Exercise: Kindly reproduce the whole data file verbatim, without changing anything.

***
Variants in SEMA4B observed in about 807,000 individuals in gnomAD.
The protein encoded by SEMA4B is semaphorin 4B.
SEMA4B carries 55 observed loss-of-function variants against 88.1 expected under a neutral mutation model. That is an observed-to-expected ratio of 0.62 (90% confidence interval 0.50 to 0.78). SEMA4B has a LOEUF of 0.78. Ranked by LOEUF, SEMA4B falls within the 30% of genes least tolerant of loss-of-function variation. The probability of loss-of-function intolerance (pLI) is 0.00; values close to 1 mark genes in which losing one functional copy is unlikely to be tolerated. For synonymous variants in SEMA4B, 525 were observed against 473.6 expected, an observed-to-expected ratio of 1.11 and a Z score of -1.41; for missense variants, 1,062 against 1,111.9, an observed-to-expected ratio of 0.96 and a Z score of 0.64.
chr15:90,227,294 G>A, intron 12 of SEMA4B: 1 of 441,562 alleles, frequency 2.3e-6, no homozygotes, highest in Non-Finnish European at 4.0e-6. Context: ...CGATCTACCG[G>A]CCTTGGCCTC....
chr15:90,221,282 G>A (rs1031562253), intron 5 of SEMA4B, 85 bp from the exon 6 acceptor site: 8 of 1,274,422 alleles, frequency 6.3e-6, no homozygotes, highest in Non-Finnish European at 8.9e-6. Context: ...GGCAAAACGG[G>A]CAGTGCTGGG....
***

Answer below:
Variants in SEMA4B observed in about 807,000 individuals in gnomAD.
The protein encoded by SEMA4B is semaphorin 4B.
SEMA4B carries 55 observed loss-of-function variants against 88.1 expected under a neutral mutation model. That is an observed-to-expected ratio of 0.62 (90% confidence interval 0.50 to 0.78). SEMA4B has a LOEUF of 0.78. Ranked by LOEUF, SEMA4B falls within the 30% of genes least tolerant of loss-of-function variation. The probability of loss-of-function intolerance (pLI) is 0.00; values close to 1 mark genes in which losing one functional copy is unlikely to be tolerated. For synonymous variants in SEMA4B, 525 were observed against 473.6 expected, an observed-to-expected ratio of 1.11 and a Z score of -1.41; for missense variants, 1,062 against 1,111.9, an observed-to-expected ratio of 0.96 and a Z score of 0.64.
chr15:90,227,294 G>A, intron 12 of SEMA4B: 1 of 441,562 alleles, frequency 2.3e-6, no homozygotes, highest in Non-Finnish European at 4.0e-6. Context: ...CGATCTACCG[G>A]CCTTGGCCTC....
chr15:90,221,282 G>A (rs1031562253), intron 5 of SEMA4B, 85 bp from the exon 6 acceptor site: 8 of 1,274,422 alleles, frequency 6.3e-6, no homozygotes, highest in Non-Finnish European at 8.9e-6. Context: ...GGCAAAACGG[G>A]CAGTGCTGGG....